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  1. How to Tackle the Conundrum of Quality Appraisal in Systematic Reviews of Normative Literature/Information? Analysing the Problems of Three Possible Strategies.Marcel Mertz - 2019 - BMC Medical Ethics 20 (1):1-12.
    In the last years, there has been an increase in publication of systematic reviews of normative literature or of normative information in bioethics. The aim of a systematic review is to search, select, analyse and synthesise literature in a transparent and systematic way in order to provide a comprehensive and unbiased overview of the information sought, predominantly as a basis for informed decision-making in health care. Traditionally, one part of the procedure when conducting a systematic review is an appraisal of (...)
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  • Instrumentalist Analyses of the Functions of Ethics Concept-Principles: A Proposal for Synergetic Empirical and Conceptual Enrichment.Eric Racine, M. Ariel Cascio, Marjorie Montreuil & Aline Bogossian - 2019 - Theoretical Medicine and Bioethics 40 (4):253-278.
    Bioethics has made a compelling case for the role of experience and empirical research in ethics. This may explain why the movement for empirical ethics has such a firm grounding in bioethics. However, the theoretical framework according to which empirical research contributes to ethics—and the specific role it can or should play—remains manifold and unclear. In this paper, we build from pragmatic theory stressing the importance of experience and outcomes in establishing the meaning of ethics concepts. We then propose three (...)
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  • Serial Participation and the Ethics of Phase 1 Healthy Volunteer Research.Rebecca L. Walker, Marci D. Cottingham & Jill A. Fisher - 2018 - Journal of Medicine and Philosophy 43 (1):83-114.
    Phase 1 healthy volunteer clinical trials—which financially compensate subjects in tests of drug toxicity levels and side effects—appear to place pressure on each joint of the moral framework justifying research. In this article, we review concerns about phase 1 trials as they have been framed in the bioethics literature, including undue inducement and coercion, unjust exploitation, and worries about compromised data validity. We then revisit these concerns in light of the lived experiences of serial participants who are income-dependent on phase (...)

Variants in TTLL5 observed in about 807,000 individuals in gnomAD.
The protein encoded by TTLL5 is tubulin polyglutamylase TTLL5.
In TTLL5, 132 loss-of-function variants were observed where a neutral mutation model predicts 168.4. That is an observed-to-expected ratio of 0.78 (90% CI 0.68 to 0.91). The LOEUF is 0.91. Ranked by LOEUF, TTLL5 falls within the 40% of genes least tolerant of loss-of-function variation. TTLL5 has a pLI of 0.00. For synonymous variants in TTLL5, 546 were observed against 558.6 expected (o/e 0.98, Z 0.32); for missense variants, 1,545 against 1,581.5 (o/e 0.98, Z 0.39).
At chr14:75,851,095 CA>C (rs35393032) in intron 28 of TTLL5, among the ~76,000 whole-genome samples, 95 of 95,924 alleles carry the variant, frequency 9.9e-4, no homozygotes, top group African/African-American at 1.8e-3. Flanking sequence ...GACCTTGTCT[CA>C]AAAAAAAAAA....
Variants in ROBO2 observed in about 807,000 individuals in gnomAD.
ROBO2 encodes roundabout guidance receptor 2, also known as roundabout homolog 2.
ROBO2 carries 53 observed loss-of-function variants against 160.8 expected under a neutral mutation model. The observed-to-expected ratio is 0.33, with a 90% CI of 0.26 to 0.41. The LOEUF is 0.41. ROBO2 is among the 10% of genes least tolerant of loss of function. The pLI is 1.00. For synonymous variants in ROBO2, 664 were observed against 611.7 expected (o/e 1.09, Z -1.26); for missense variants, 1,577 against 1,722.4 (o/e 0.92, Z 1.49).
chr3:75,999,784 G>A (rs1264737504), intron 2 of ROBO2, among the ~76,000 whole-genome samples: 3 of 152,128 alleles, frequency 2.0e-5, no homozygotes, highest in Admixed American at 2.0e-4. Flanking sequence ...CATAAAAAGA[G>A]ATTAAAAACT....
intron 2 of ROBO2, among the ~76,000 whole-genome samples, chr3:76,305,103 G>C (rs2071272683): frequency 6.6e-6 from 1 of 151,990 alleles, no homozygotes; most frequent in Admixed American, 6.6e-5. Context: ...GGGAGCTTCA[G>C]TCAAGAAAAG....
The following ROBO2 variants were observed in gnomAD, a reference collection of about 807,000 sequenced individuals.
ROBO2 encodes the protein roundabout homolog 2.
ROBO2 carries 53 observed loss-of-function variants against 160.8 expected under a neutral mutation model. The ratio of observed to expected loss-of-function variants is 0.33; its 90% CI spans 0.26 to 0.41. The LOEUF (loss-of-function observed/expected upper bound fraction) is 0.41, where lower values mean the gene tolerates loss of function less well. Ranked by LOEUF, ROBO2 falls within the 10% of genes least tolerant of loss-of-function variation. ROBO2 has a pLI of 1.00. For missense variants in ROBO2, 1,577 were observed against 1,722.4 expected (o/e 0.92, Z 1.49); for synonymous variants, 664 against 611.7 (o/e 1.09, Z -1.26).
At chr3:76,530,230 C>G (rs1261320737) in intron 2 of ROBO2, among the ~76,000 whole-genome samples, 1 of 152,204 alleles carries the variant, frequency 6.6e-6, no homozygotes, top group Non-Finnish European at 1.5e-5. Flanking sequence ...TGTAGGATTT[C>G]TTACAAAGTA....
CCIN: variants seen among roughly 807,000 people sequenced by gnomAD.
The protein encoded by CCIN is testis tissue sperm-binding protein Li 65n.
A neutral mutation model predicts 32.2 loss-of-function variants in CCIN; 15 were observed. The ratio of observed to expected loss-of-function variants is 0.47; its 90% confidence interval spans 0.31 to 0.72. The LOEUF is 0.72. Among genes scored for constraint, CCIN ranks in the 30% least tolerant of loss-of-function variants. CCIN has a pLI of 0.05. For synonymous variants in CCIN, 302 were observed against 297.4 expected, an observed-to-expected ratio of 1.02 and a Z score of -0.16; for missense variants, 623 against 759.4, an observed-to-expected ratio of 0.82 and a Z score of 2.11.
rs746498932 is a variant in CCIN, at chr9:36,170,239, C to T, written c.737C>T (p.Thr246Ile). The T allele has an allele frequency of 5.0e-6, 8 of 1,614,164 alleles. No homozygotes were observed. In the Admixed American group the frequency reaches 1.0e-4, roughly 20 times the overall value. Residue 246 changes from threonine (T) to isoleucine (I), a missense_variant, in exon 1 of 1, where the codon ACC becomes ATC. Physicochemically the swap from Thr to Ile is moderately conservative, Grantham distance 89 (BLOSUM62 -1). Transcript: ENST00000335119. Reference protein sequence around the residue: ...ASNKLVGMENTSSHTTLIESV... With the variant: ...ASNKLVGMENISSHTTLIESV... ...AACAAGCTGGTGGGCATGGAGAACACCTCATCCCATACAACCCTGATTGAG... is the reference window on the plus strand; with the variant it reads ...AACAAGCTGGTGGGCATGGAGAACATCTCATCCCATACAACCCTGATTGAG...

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  • Broadening the Debate About Post-Trial Access to Medical Interventions: A Qualitative Study of Participant Experiences at the End of a Trial Investigating a Medical Device to Support Type 1 Diabetes Self-Management.J. Lawton, M. Blackburn, D. Rankin, C. Werner, C. Farrington, R. Hovorka & N. Hallowell - 2019 - Ajob Empirical Bioethics 10 (2):100-112.
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  • Systematic Reviews in Bioethics: Types, Challenges, and Value.R. Mcdougall - 2014 - Journal of Medicine and Philosophy 39 (1):89-97.
    There has recently been interest in applying the techniques of systematic review to bioethics literature. In this paper, I identify the three models of systematic review proposed to date in bioethics: systematic reviews of empirical bioethics research, systematic reviews of normative bioethics literature, and systematic reviews of reasons. I argue that all three types yield information useful to scholarship in bioethics, yet they also face significant challenges particularly in relation to terminology and time. Drawing on my recent experience conducting a (...)
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  • Introduction: The Fogarty International Research Ethics Education and Curriculum Development Program in Historical Context.Joseph Millum, Christine Grady, Gerald Keusch & Barbara Sina - 2013 - Journal of Empirical Research on Human Research Ethics: An International Journal 8 (5):3-16.
    In response to the increasing need for research ethics expertise in low and middle income countries (LMICs), the NIH's Fogarty International Research Ethics Education and Curriculum Development Program has provided grants for the development of training programs in international research ethics for LMIC professionals since 2000. This collection of papers draws upon the combined expertise of Fogarty grantees, trainees, and other experts to assess the state of research ethics in LMICs, and the lessons learned over 12 years of international research (...)